Tuesday, December 6, 2016

Improving the Middle Eastern and North African (MENA) Student Experience

 Improving the Middle Eastern and North African (MENA) Student Experience
By Kaitlin Ramby
World Education Services

In a recent report by World Education Services (WES), Improving the International Student Experience, international students were surveyed on satisfaction with their education in the U.S. The report assessed international students from varying regions, including: China, India, Europe, Latin America and the Caribbean, the Middle East and North Africa (MENA), and Sub-Saharan Africa.



This post focuses on the educational experience in the U.S. for students from the MENA region. Please view the infographic below, and read recommendations on how you can improve your educational experience in the U.S. 

   

As shown in the information above, 26 percent of students from the MENA region cited trouble meeting academic standards (which was the highest out of all the regions surveyed), with 38 percent citing a lack of English proficiency (the second highest among all regions).

When it comes to academics in the U.S., a proficient English level and good grades go hand in hand. So, here are some tips for improving your English level to achieve your academic goals.

Improving Your English
While learning another language is no easy task, being able to understand and communicate in that language in an academic setting is even more challenging. Fortunately, there are many ways that students can improve their English level for school.

Here are three ways you can improve your English:

  • Contact your school to find out if there are free programs, English centers, and other resources you can take advantage of to improve your English. 
  • Speak with your professor during office hours for advice.
  • Find out if there is a writing center at your university to get your papers critiqued so you can learn what to improve on. 
Although it does require initiative and effort, seeking extra help for English will make your academic efforts worth it in the end.
Related articles:
Meeting Academic Standards
Adjusting to the academic environment in the U.S. is often a challenge for international students. The key to meeting academic standards (and even exceeding them) is to plan and prepare beforehand. Research the differences you may need to know before attending school and reach out to the International Student Services (ISS) at your university to learn about the grading system and requirements.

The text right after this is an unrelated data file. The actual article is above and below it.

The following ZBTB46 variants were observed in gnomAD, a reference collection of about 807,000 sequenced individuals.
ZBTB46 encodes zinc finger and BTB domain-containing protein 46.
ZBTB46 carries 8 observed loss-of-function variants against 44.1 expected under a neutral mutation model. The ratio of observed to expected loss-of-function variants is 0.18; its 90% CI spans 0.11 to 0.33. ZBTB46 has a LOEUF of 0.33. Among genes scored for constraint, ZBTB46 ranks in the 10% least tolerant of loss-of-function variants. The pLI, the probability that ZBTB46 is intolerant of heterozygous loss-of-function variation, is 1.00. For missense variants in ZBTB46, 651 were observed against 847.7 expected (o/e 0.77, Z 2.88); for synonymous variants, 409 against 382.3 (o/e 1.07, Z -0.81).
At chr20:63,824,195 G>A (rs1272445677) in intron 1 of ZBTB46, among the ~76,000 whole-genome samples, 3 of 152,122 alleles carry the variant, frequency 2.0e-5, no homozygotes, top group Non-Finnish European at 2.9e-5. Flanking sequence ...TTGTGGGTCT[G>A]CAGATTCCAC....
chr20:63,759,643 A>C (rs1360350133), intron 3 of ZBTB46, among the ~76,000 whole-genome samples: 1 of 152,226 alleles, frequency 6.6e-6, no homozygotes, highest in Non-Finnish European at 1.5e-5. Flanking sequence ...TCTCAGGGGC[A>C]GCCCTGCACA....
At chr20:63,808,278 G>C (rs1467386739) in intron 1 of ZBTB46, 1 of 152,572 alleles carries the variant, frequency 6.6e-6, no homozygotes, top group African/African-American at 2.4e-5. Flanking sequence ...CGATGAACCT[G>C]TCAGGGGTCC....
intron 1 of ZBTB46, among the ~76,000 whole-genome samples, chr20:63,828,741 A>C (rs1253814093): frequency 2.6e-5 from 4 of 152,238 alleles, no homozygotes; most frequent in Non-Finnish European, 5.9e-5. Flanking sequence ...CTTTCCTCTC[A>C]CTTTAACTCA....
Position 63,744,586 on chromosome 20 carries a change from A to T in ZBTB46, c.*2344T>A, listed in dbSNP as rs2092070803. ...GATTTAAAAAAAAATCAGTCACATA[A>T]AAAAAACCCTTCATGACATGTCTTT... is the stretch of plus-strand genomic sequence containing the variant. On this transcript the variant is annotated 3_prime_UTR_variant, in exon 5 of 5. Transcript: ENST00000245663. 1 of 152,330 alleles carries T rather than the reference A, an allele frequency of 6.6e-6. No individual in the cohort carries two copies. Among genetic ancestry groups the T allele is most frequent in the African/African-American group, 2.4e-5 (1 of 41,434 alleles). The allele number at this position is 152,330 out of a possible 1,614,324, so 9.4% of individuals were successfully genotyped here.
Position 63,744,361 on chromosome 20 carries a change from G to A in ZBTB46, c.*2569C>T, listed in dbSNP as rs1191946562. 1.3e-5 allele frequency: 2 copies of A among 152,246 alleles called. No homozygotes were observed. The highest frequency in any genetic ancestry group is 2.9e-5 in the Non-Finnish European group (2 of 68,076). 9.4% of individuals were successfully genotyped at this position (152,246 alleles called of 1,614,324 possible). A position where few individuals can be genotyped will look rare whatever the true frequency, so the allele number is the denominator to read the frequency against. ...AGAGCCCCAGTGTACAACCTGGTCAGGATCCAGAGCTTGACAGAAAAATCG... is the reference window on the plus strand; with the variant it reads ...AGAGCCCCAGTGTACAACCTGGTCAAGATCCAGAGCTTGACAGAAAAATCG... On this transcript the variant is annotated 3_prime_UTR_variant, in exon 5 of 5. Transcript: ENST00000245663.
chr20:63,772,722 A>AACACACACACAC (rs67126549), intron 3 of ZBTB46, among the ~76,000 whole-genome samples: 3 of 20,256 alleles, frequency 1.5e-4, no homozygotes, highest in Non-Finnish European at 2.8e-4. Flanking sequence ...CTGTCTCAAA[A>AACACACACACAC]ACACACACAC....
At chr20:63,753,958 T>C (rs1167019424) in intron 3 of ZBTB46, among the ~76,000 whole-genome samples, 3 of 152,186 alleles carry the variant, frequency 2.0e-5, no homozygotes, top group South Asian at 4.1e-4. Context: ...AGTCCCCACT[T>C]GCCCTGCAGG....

When you begin school, be sure to read carefully through any course syllabi your professor provides, so you understand the expectations of the course right away. Again, meeting with your professor one-on-one in the U.S. is not only encouraged, but can help you in your courses too.

Lastly, try and set academic goals for yourself. Goals can give you something to work toward, and they can also motivate you to perform better in school. Make sure the goals you set are specific enough for you to create a schedule and manage your time effectively.

Related articles:
Are you a current or prospective student from the MENA region and want to share your experience as an international student in the U.S.? Apply to be part of our Student Ambassador Program!

Were these tips helpful in improving your educational experience in the U.S.? Tell us your thoughts in the comments below.

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Kaitlin Ramby, World Education Services
Kaitlin Ramby is the digital content producer for the WES Advisor team. An avid storyteller, Kaitlin is a writer of words and keeper of memes. She produces and manages a lot of the WES content and contributes to the overall content development and strategy. Kaitlin holds a bachelor’s in journalism, has lived in both France and Hong Kong, and thoroughly enjoys helping others fulfill their dreams of studying and working in the North America region.

2 comments:

  1. That is totally true. When I did a survey on Iranian students concern about studying in America, they did mention English proficiency and Academic Standards.

    ReplyDelete
  2. That is totally true. When I did a survey on Iranian students concern about studying in America, they did mention English proficiency and Academic Standards.

    ReplyDelete

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